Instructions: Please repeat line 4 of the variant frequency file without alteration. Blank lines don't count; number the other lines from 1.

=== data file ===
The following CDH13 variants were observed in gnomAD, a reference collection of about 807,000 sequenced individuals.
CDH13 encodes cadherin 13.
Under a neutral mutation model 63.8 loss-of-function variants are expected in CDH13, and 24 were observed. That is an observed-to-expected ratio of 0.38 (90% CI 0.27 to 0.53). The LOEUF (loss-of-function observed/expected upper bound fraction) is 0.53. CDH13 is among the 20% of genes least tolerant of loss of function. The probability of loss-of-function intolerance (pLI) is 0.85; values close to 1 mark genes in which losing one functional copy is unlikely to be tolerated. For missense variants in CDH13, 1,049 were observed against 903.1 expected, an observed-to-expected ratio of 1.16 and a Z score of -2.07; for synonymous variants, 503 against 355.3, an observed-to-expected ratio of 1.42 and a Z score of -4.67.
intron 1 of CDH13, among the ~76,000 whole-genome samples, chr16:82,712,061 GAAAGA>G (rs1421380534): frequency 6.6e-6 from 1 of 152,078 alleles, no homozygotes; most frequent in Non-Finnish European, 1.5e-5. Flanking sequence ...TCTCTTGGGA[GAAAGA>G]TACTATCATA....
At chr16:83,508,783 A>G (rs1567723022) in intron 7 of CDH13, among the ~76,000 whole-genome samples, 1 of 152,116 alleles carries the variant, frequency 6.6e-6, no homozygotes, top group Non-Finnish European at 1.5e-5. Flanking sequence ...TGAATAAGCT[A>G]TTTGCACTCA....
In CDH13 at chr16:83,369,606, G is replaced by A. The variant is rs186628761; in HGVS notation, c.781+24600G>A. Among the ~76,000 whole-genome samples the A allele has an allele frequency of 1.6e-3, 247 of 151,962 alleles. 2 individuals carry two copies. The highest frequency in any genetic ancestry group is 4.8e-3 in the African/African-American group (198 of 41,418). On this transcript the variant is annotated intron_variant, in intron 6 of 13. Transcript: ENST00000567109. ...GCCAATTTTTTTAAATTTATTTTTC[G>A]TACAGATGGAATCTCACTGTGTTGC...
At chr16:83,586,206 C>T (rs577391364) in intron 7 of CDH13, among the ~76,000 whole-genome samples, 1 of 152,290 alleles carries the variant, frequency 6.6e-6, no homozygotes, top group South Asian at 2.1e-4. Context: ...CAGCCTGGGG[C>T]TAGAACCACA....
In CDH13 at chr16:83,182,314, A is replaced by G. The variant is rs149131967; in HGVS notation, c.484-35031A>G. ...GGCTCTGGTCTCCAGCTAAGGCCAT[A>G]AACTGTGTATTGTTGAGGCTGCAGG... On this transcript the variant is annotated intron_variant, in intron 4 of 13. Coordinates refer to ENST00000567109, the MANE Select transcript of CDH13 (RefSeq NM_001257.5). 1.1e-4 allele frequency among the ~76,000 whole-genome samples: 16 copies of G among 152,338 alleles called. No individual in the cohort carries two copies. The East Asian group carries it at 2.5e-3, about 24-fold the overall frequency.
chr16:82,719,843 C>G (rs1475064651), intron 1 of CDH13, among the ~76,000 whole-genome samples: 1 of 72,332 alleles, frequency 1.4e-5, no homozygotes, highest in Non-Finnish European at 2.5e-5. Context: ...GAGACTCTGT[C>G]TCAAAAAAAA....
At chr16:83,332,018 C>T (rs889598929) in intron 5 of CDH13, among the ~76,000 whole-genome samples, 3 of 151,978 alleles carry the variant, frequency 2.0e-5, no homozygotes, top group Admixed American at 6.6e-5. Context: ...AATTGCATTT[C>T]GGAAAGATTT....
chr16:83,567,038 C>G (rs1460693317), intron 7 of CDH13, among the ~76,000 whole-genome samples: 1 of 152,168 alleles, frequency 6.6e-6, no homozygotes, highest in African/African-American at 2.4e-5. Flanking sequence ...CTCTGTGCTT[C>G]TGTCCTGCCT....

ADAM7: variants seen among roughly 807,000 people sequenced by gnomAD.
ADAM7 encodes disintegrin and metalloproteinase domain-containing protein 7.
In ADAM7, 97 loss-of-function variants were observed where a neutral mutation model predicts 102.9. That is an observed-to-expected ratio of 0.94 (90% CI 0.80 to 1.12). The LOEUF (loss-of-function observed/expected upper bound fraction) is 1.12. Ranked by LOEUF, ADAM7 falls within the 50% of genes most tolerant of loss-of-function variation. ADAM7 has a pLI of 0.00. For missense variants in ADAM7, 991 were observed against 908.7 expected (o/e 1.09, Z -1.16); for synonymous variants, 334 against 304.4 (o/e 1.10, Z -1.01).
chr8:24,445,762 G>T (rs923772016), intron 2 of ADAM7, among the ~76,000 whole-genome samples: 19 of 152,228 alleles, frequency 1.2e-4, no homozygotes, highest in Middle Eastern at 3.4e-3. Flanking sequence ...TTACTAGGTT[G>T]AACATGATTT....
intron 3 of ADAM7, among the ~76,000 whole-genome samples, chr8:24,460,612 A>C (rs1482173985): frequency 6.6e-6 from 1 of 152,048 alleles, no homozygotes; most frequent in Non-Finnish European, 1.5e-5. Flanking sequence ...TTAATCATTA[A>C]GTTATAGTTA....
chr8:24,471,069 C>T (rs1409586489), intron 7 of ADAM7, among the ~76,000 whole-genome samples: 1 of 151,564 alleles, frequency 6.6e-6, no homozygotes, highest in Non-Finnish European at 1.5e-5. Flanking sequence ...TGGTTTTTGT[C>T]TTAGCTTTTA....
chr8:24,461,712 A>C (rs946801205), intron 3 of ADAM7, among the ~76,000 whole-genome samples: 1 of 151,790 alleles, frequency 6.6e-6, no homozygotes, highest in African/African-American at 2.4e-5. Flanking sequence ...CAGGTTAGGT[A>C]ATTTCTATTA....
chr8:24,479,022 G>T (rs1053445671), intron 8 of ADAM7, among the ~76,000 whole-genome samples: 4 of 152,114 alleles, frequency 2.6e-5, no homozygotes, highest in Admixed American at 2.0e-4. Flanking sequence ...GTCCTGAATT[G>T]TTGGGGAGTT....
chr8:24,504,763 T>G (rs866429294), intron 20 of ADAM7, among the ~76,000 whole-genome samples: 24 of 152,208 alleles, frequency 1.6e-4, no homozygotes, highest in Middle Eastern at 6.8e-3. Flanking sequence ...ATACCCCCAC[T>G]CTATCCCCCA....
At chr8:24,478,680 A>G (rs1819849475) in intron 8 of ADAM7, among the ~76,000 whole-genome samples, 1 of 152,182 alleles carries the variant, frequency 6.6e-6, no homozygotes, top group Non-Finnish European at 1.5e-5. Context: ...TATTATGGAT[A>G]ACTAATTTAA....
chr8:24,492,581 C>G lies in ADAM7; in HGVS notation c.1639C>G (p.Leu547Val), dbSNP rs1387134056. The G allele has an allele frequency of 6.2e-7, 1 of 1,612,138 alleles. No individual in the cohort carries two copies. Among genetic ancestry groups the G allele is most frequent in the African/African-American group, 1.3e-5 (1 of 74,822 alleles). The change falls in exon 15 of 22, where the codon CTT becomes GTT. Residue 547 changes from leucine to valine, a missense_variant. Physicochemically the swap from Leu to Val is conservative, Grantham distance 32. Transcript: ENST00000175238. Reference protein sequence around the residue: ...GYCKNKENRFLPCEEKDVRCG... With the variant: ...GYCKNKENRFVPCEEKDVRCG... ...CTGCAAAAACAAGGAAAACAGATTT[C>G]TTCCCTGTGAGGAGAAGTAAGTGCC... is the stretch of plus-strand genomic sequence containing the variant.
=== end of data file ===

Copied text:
intron 1 of CDH13, among the ~76,000 whole-genome samples, chr16:82,712,061 GAAAGA>G (rs1421380534): frequency 6.6e-6 from 1 of 152,078 alleles, no homozygotes; most frequent in Non-Finnish European, 1.5e-5. Flanking sequence ...TCTCTTGGGA[GAAAGA>G]TACTATCATA....